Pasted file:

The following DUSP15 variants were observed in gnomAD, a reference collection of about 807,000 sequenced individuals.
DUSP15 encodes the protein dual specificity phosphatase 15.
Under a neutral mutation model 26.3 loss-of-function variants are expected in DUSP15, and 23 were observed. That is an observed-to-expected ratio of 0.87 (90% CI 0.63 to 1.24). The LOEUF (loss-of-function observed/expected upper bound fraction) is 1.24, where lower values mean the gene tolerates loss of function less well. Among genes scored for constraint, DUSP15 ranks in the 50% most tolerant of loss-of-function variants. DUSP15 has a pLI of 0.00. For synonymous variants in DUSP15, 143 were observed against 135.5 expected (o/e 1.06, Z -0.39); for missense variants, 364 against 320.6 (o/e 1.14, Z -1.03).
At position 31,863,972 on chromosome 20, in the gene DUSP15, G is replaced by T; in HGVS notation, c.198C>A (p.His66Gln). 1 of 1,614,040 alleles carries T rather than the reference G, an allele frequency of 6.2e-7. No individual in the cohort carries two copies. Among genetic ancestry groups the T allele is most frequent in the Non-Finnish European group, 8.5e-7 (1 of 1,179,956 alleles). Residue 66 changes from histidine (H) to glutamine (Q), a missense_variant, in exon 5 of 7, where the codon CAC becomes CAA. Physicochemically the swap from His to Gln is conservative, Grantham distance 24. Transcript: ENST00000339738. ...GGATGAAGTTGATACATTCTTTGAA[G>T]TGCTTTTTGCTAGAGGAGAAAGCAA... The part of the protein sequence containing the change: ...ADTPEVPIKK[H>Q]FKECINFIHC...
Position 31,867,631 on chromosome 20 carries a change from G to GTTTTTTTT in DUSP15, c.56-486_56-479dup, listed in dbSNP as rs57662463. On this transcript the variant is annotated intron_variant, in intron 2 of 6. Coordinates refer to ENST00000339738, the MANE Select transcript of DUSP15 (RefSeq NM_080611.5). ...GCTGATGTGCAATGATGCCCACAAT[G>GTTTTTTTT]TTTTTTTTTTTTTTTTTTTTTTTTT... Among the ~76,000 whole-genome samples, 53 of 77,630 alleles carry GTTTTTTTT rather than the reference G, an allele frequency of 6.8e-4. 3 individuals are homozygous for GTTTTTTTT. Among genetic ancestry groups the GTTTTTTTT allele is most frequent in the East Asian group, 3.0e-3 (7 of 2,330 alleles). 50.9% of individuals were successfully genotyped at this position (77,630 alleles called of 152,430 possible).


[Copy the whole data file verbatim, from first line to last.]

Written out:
The following DUSP15 variants were observed in gnomAD, a reference collection of about 807,000 sequenced individuals.
DUSP15 encodes the protein dual specificity phosphatase 15.
Under a neutral mutation model 26.3 loss-of-function variants are expected in DUSP15, and 23 were observed. That is an observed-to-expected ratio of 0.87 (90% CI 0.63 to 1.24). The LOEUF (loss-of-function observed/expected upper bound fraction) is 1.24, where lower values mean the gene tolerates loss of function less well. Among genes scored for constraint, DUSP15 ranks in the 50% most tolerant of loss-of-function variants. DUSP15 has a pLI of 0.00. For synonymous variants in DUSP15, 143 were observed against 135.5 expected (o/e 1.06, Z -0.39); for missense variants, 364 against 320.6 (o/e 1.14, Z -1.03).
At position 31,863,972 on chromosome 20, in the gene DUSP15, G is replaced by T; in HGVS notation, c.198C>A (p.His66Gln). 1 of 1,614,040 alleles carries T rather than the reference G, an allele frequency of 6.2e-7. No individual in the cohort carries two copies. Among genetic ancestry groups the T allele is most frequent in the Non-Finnish European group, 8.5e-7 (1 of 1,179,956 alleles). Residue 66 changes from histidine (H) to glutamine (Q), a missense_variant, in exon 5 of 7, where the codon CAC becomes CAA. Physicochemically the swap from His to Gln is conservative, Grantham distance 24. Transcript: ENST00000339738. ...GGATGAAGTTGATACATTCTTTGAA[G>T]TGCTTTTTGCTAGAGGAGAAAGCAA... The part of the protein sequence containing the change: ...ADTPEVPIKK[H>Q]FKECINFIHC...
Position 31,867,631 on chromosome 20 carries a change from G to GTTTTTTTT in DUSP15, c.56-486_56-479dup, listed in dbSNP as rs57662463. On this transcript the variant is annotated intron_variant, in intron 2 of 6. Coordinates refer to ENST00000339738, the MANE Select transcript of DUSP15 (RefSeq NM_080611.5). ...GCTGATGTGCAATGATGCCCACAAT[G>GTTTTTTTT]TTTTTTTTTTTTTTTTTTTTTTTTT... Among the ~76,000 whole-genome samples, 53 of 77,630 alleles carry GTTTTTTTT rather than the reference G, an allele frequency of 6.8e-4. 3 individuals are homozygous for GTTTTTTTT. Among genetic ancestry groups the GTTTTTTTT allele is most frequent in the East Asian group, 3.0e-3 (7 of 2,330 alleles). 50.9% of individuals were successfully genotyped at this position (77,630 alleles called of 152,430 possible).